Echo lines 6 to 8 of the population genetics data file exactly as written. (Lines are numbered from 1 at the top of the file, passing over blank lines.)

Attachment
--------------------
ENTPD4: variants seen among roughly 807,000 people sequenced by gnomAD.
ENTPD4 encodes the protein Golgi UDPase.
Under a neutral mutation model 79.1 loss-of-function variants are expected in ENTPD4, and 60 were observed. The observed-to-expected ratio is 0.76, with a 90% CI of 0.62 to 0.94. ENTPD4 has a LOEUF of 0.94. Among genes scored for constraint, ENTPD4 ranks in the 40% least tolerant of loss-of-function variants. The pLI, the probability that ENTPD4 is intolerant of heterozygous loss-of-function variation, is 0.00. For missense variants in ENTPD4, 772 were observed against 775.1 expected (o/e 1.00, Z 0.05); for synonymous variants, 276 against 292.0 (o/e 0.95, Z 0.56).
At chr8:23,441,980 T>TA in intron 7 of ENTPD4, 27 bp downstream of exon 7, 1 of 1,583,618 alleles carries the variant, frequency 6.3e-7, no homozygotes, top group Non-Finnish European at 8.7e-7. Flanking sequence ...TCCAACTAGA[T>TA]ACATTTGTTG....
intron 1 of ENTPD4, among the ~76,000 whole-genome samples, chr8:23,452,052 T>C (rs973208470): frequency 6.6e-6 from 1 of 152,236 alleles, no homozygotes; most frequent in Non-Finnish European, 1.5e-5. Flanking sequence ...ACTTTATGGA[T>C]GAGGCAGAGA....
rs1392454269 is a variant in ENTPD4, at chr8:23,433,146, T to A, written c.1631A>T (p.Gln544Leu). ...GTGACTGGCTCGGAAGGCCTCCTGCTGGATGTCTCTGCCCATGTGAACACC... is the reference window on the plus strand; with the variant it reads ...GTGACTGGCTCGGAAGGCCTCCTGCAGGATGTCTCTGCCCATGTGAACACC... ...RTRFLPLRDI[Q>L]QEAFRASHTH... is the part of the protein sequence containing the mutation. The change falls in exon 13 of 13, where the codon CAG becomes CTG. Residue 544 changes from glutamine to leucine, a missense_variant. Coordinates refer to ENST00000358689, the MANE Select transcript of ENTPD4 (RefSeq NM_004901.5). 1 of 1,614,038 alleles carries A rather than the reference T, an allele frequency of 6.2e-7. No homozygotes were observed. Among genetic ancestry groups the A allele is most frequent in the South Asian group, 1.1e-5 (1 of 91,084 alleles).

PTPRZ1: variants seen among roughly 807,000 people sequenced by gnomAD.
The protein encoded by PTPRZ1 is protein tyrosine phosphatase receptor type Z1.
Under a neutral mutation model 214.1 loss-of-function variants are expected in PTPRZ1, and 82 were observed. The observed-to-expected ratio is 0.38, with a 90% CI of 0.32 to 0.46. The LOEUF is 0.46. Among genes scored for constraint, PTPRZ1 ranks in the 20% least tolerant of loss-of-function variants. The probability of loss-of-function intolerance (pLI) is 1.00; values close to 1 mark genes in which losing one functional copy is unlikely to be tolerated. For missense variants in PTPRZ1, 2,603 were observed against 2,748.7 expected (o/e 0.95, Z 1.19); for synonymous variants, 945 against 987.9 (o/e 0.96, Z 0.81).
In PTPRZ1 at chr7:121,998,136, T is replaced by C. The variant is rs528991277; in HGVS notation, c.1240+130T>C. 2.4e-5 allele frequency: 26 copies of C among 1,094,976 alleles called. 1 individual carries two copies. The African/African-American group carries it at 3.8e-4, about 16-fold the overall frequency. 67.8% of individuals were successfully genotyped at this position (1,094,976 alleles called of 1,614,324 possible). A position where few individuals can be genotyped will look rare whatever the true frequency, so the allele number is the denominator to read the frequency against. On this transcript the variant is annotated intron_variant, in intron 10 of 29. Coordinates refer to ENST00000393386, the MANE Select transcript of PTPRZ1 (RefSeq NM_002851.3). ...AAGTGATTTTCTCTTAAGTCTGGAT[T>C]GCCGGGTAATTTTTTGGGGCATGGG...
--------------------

rs1392454269 is a variant in ENTPD4, at chr8:23,433,146, T to A, written c.1631A>T (p.Gln544Leu). ...GTGACTGGCTCGGAAGGCCTCCTGCTGGATGTCTCTGCCCATGTGAACACC... is the reference window on the plus strand; with the variant it reads ...GTGACTGGCTCGGAAGGCCTCCTGCAGGATGTCTCTGCCCATGTGAACACC... ...RTRFLPLRDI[Q>L]QEAFRASHTH... is the part of the protein sequence containing the mutation. The change falls in exon 13 of 13, where the codon CAG becomes CTG. Residue 544 changes from glutamine to leucine, a missense_variant. Coordinates refer to ENST00000358689, the MANE Select transcript of ENTPD4 (RefSeq NM_004901.5). 1 of 1,614,038 alleles carries A rather than the reference T, an allele frequency of 6.2e-7. No homozygotes were observed. Among genetic ancestry groups the A allele is most frequent in the South Asian group, 1.1e-5 (1 of 91,084 alleles).

PTPRZ1: variants seen among roughly 807,000 people sequenced by gnomAD.
The protein encoded by PTPRZ1 is protein tyrosine phosphatase receptor type Z1.